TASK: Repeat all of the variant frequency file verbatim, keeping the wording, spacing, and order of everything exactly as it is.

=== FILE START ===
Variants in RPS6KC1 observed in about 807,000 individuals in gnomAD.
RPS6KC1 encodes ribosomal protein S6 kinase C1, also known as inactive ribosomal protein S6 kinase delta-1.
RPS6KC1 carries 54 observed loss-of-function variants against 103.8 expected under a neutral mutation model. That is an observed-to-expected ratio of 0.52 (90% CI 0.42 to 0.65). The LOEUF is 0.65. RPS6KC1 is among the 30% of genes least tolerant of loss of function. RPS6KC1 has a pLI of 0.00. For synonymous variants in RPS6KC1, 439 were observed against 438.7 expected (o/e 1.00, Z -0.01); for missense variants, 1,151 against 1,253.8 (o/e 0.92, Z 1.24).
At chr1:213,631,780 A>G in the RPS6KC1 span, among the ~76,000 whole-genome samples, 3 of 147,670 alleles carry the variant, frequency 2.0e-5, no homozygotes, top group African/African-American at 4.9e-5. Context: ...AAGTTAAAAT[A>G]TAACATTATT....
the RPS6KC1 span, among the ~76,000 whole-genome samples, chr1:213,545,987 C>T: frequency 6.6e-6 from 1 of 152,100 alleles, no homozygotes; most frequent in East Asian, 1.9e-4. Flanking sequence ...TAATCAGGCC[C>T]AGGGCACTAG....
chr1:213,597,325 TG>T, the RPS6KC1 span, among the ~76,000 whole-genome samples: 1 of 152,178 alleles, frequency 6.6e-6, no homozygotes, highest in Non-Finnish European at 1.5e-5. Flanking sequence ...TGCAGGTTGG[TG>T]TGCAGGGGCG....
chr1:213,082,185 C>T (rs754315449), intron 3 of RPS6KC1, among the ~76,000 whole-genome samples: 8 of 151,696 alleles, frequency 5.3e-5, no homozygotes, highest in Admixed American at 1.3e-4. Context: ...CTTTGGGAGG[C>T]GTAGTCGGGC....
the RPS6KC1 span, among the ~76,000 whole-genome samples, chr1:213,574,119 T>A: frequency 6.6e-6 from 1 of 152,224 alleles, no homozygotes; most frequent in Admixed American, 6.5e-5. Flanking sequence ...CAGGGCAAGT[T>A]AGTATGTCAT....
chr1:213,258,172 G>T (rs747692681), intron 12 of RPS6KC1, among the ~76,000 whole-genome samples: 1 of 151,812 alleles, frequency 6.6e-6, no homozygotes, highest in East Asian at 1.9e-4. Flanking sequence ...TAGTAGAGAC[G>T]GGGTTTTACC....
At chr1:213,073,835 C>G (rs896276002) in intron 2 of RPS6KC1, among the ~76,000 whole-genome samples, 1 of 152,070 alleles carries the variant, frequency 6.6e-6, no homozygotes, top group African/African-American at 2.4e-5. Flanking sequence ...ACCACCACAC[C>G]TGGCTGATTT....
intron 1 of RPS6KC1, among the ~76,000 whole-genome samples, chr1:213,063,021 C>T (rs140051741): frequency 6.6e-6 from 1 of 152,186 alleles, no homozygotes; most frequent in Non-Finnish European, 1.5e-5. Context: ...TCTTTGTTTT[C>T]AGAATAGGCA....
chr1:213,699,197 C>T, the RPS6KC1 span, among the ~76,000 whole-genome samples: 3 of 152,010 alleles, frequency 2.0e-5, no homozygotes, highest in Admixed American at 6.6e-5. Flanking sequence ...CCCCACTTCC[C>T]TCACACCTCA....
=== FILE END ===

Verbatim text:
Variants in RPS6KC1 observed in about 807,000 individuals in gnomAD.
RPS6KC1 encodes ribosomal protein S6 kinase C1, also known as inactive ribosomal protein S6 kinase delta-1.
RPS6KC1 carries 54 observed loss-of-function variants against 103.8 expected under a neutral mutation model. That is an observed-to-expected ratio of 0.52 (90% CI 0.42 to 0.65). The LOEUF is 0.65. RPS6KC1 is among the 30% of genes least tolerant of loss of function. RPS6KC1 has a pLI of 0.00. For synonymous variants in RPS6KC1, 439 were observed against 438.7 expected (o/e 1.00, Z -0.01); for missense variants, 1,151 against 1,253.8 (o/e 0.92, Z 1.24).
At chr1:213,631,780 A>G in the RPS6KC1 span, among the ~76,000 whole-genome samples, 3 of 147,670 alleles carry the variant, frequency 2.0e-5, no homozygotes, top group African/African-American at 4.9e-5. Context: ...AAGTTAAAAT[A>G]TAACATTATT....
the RPS6KC1 span, among the ~76,000 whole-genome samples, chr1:213,545,987 C>T: frequency 6.6e-6 from 1 of 152,100 alleles, no homozygotes; most frequent in East Asian, 1.9e-4. Flanking sequence ...TAATCAGGCC[C>T]AGGGCACTAG....
chr1:213,597,325 TG>T, the RPS6KC1 span, among the ~76,000 whole-genome samples: 1 of 152,178 alleles, frequency 6.6e-6, no homozygotes, highest in Non-Finnish European at 1.5e-5. Flanking sequence ...TGCAGGTTGG[TG>T]TGCAGGGGCG....
chr1:213,082,185 C>T (rs754315449), intron 3 of RPS6KC1, among the ~76,000 whole-genome samples: 8 of 151,696 alleles, frequency 5.3e-5, no homozygotes, highest in Admixed American at 1.3e-4. Context: ...CTTTGGGAGG[C>T]GTAGTCGGGC....
the RPS6KC1 span, among the ~76,000 whole-genome samples, chr1:213,574,119 T>A: frequency 6.6e-6 from 1 of 152,224 alleles, no homozygotes; most frequent in Admixed American, 6.5e-5. Flanking sequence ...CAGGGCAAGT[T>A]AGTATGTCAT....
chr1:213,258,172 G>T (rs747692681), intron 12 of RPS6KC1, among the ~76,000 whole-genome samples: 1 of 151,812 alleles, frequency 6.6e-6, no homozygotes, highest in East Asian at 1.9e-4. Flanking sequence ...TAGTAGAGAC[G>T]GGGTTTTACC....
At chr1:213,073,835 C>G (rs896276002) in intron 2 of RPS6KC1, among the ~76,000 whole-genome samples, 1 of 152,070 alleles carries the variant, frequency 6.6e-6, no homozygotes, top group African/African-American at 2.4e-5. Flanking sequence ...ACCACCACAC[C>G]TGGCTGATTT....
intron 1 of RPS6KC1, among the ~76,000 whole-genome samples, chr1:213,063,021 C>T (rs140051741): frequency 6.6e-6 from 1 of 152,186 alleles, no homozygotes; most frequent in Non-Finnish European, 1.5e-5. Context: ...TCTTTGTTTT[C>T]AGAATAGGCA....
chr1:213,699,197 C>T, the RPS6KC1 span, among the ~76,000 whole-genome samples: 3 of 152,010 alleles, frequency 2.0e-5, no homozygotes, highest in Admixed American at 6.6e-5. Flanking sequence ...CCCCACTTCC[C>T]TCACACCTCA....